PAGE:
Test blots, as their name implies, are very simple Western blots that are created for the express purpose of optimizing or troubleshooting experimental conditions. They are usually produced by running multiple lanes of the same lysate or purified protein solution on a gel, and after transfer cutting the blot into strips to be tested individually.
They provide a quick and efficient means of examining a range of antibody dilutions or detection substrates
Dot blots and slot blots are also a very useful variation on the typical Western blot. They do not require gel electrophoresis, so there is no separation of proteins by size.
Instead, the target protein or cell lysate mixture is added directly onto the surface of the nitrocellulose or PVDF membrane. Protein solutions can be applied directly in a small volume, or with a vacuum manifold to produce an orderly grid of samples similar to that seen in Figure 14. Each dot or slot blot would contain known amounts of target protein or cell lysate.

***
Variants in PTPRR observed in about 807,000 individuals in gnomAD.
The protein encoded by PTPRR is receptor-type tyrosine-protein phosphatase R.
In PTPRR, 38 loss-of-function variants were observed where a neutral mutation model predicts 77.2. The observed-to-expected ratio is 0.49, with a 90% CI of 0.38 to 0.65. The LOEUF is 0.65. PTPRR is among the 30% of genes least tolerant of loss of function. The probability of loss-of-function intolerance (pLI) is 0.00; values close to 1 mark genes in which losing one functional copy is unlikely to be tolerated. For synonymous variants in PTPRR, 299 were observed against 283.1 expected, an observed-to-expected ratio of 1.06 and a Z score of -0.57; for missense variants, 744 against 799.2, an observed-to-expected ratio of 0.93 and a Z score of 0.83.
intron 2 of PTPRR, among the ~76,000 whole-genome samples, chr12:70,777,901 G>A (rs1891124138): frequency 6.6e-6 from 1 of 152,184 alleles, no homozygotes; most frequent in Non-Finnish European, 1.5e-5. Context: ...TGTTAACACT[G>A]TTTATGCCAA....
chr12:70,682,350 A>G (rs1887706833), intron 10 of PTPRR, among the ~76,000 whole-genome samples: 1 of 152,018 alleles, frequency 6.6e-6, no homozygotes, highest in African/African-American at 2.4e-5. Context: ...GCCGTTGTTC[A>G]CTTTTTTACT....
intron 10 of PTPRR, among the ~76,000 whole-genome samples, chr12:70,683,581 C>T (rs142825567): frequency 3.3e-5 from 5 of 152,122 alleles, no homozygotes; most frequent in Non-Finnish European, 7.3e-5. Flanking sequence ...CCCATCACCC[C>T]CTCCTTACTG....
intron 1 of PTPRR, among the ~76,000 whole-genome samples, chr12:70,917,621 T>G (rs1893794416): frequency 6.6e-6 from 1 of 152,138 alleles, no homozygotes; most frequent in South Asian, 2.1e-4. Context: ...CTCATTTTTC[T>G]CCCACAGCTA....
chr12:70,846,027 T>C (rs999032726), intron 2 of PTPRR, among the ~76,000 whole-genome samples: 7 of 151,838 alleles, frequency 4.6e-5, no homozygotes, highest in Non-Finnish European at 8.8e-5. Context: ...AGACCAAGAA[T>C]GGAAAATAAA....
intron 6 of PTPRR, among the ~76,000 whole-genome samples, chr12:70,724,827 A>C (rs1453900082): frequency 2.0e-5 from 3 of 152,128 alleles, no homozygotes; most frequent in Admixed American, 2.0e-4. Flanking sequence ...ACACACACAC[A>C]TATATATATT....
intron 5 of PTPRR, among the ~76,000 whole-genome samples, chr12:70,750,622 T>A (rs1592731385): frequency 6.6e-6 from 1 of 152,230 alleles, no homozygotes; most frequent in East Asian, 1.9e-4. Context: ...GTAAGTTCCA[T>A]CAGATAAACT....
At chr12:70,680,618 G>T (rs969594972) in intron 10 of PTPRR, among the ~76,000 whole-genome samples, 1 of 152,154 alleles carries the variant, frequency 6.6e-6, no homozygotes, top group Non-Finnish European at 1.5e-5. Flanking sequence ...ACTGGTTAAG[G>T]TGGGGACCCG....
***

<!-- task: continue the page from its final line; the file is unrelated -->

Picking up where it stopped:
Once dry, dot blots and slot blots are subjected to the same immunodetection steps used for Western blotting, i.e. blocking, antibody incubation, and target detection with substrate. Grey and black spots on the figure below indicate which samples are positive for the target protein and correspond roughly to the bands produced on a Western blot.
Figure 14: Dot Blots and Slot Blots. The dot blots at the left represent a dilution series of a sample, with smaller lighter dots corresponding to lower concentrations of target protein. The slot blots represent a group of random samples, the intensity of the signal corresponds to the concentration of the target protein in that sample.
By making a number of identical dots or slots of a single known protein sample, or a range of sample dilutions, one can quickly test several combinations and concentrations of primary and secondary antibodies. Dot blots and slot blots are also beneficial when screening a large number of samples, or if a simple answer will suffice.
The main downside to slot blots/dot blots is that they provide no information about molecular weight. Thus, it is harder to detect false positive signals, or to tell whether modified forms of a protein are present.
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